Markets Hit. That’s Ok.
Hold onto your hats!
“ASX sheds $30b in one hour” – Fairfax
“‘Hard Landing’ could smash banks” – The Australian
“Dow plunges more than 400 points as Apple leads tech rout” – CNBC
As is often the case, the Australian market followed US markets lower on Tuesday morning.
As is often the case, no-one knows for sure.
But here’s what I do know:
- It’s rare for a proper business to lose more than 1% of its true value in one day
- It’s extremely common for the perception of its value to change
Remember, I’m talking about the difference between price and value. Share prices don’t tell you what a company is ‘worth’ — just like realestate.com doesn’t tell you how much you should pay for a new house. There’s a difference between price and value, and long-term investors know which one is important.
Use It To Your Advantage
It’s the mismatch between prices and valuation that offer long-term sharemarket investors the opportunity to make outsized returns.
Volatility is the price of admission or as Buffett said, be greedy when others are fearful.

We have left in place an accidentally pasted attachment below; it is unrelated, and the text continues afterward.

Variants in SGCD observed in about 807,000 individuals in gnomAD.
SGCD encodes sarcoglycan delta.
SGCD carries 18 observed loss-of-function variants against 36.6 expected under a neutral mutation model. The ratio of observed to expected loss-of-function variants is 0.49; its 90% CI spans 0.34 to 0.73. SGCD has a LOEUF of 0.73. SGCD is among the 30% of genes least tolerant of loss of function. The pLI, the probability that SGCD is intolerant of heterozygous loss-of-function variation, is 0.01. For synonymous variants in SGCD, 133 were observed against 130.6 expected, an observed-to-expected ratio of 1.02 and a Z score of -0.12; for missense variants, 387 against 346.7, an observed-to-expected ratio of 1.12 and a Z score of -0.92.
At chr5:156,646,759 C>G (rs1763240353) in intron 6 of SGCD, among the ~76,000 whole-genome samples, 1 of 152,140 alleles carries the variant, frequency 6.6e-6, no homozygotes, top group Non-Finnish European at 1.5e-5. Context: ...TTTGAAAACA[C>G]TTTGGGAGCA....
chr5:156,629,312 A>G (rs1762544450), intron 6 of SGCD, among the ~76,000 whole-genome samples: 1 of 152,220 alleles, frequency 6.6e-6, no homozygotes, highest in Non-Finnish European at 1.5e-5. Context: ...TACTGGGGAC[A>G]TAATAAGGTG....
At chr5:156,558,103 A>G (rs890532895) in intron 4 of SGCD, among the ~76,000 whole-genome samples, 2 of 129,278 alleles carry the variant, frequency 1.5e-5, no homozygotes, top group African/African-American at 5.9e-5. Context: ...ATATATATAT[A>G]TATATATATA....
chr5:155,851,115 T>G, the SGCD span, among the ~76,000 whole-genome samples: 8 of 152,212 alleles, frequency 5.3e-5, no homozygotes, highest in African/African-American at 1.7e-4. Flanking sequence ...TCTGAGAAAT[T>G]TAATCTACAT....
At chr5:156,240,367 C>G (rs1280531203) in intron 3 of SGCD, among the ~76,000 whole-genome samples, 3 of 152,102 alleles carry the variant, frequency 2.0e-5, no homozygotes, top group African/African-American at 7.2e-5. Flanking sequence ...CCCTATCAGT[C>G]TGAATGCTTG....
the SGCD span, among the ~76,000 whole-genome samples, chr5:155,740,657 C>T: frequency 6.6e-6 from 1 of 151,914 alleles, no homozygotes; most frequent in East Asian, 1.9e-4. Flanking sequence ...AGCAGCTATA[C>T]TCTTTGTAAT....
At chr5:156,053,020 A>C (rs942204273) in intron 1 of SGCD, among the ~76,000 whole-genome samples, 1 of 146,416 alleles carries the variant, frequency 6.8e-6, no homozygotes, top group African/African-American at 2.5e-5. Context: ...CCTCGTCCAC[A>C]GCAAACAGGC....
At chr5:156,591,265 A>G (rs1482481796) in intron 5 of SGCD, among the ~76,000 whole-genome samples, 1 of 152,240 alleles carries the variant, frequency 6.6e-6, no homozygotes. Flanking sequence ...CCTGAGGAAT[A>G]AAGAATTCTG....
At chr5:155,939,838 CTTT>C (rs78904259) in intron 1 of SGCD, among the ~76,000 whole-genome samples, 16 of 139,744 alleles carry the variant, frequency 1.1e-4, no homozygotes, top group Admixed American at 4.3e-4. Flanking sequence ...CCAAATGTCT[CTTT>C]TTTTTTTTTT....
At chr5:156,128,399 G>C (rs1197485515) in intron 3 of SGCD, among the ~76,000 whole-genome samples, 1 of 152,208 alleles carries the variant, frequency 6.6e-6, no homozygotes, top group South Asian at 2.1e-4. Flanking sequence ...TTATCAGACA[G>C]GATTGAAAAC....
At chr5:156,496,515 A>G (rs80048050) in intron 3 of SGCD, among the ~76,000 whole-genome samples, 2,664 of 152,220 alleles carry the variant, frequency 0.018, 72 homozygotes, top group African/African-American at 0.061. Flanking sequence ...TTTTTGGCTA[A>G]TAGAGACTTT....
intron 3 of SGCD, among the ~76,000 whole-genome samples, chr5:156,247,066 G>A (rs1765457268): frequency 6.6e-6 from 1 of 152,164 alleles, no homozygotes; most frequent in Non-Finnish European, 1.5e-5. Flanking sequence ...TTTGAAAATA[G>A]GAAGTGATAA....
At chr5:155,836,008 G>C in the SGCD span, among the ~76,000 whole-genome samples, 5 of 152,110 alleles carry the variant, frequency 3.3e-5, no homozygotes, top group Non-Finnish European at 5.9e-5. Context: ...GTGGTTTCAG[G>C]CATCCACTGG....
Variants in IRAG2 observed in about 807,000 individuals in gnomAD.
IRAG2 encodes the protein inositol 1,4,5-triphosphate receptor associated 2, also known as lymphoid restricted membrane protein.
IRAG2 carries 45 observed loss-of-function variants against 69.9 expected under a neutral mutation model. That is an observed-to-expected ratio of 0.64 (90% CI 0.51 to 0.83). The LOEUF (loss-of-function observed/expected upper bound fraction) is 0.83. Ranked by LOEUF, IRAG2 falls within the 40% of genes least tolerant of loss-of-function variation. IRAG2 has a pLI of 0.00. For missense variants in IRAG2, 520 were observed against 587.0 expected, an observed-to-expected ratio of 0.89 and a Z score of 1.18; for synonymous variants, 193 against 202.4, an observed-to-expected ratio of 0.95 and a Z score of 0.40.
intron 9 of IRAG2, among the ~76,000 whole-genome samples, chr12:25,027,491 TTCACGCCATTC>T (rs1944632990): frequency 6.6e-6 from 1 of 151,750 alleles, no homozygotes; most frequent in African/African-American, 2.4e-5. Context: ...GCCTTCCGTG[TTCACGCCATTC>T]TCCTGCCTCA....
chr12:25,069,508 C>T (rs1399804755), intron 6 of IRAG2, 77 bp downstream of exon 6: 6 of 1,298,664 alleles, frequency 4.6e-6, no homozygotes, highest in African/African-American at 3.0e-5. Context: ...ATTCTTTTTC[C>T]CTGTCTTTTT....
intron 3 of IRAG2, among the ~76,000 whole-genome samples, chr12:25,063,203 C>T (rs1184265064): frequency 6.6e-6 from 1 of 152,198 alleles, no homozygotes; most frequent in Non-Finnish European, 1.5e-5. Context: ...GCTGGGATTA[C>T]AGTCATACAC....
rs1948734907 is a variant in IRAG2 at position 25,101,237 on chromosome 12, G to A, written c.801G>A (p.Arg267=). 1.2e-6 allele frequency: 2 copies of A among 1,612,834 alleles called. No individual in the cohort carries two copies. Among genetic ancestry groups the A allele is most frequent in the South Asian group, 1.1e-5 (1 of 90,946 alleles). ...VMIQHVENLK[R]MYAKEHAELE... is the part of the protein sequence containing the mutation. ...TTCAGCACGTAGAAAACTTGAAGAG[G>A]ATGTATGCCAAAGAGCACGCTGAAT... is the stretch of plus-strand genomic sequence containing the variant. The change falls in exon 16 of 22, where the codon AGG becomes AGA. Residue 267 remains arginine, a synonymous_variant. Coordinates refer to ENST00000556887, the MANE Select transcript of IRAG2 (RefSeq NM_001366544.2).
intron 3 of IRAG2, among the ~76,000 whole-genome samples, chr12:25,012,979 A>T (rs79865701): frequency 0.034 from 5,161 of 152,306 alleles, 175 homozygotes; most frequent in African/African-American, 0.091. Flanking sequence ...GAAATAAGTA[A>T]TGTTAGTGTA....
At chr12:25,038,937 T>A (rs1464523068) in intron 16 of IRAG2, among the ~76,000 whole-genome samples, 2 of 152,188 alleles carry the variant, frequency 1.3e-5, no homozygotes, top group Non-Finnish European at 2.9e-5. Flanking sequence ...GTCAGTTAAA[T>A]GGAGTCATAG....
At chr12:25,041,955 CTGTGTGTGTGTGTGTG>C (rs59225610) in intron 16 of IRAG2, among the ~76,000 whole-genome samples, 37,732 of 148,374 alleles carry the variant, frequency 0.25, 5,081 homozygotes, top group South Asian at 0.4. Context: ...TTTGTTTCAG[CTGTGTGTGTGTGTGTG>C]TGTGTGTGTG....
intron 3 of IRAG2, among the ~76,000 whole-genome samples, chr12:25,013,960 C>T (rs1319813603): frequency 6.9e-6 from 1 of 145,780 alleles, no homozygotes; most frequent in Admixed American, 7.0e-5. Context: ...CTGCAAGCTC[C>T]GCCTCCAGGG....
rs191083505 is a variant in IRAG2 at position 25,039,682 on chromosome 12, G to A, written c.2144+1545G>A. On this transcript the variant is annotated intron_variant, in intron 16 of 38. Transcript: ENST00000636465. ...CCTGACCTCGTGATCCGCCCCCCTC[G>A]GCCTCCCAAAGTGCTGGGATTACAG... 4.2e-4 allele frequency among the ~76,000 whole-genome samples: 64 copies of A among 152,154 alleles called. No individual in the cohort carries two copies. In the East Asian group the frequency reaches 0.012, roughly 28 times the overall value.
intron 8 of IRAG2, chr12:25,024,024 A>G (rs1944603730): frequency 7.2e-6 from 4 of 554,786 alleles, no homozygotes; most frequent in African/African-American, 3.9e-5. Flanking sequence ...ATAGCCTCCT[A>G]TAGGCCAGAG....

Let’s take a specific example…
Between yesterday and today, I do not believe Apple (a company I own in my portfolio) has had a meaningful change to its valuation. Apple’s stock price fell 5% overnight.
What has changed, however, is the perception of its value:
“Apple hit by fresh ‘peak iPhone’ fears after suppliers cut outlook” – Financial Times
But here’s the rub, a shrewd long-term investor would know that Apple is purposefully growing outside of iPhones.
During its most recent conference call, Apple CEO Tim Cook said its super-sticky ‘Services’ revenue (think: iCloud, the App Store and iTunes) will be a priority going forward. Then there’s the Watch, homepod, cars and more. Oh, and it has $US200 billion of cash.
My belief has long been that Apple’s iPhones, iMacs and MacBooks get users in the door, but its the iOS ecosystem and the ever-expanding sticky product suite that keep them in. My view did not change overnight.
Cheers to our financial futures!
At the time of publishing this article, Owen Raszkiewicz owns shares of Apple Inc. This article contains general financial advice only. Please see The Rask Group’s full disclaimer below.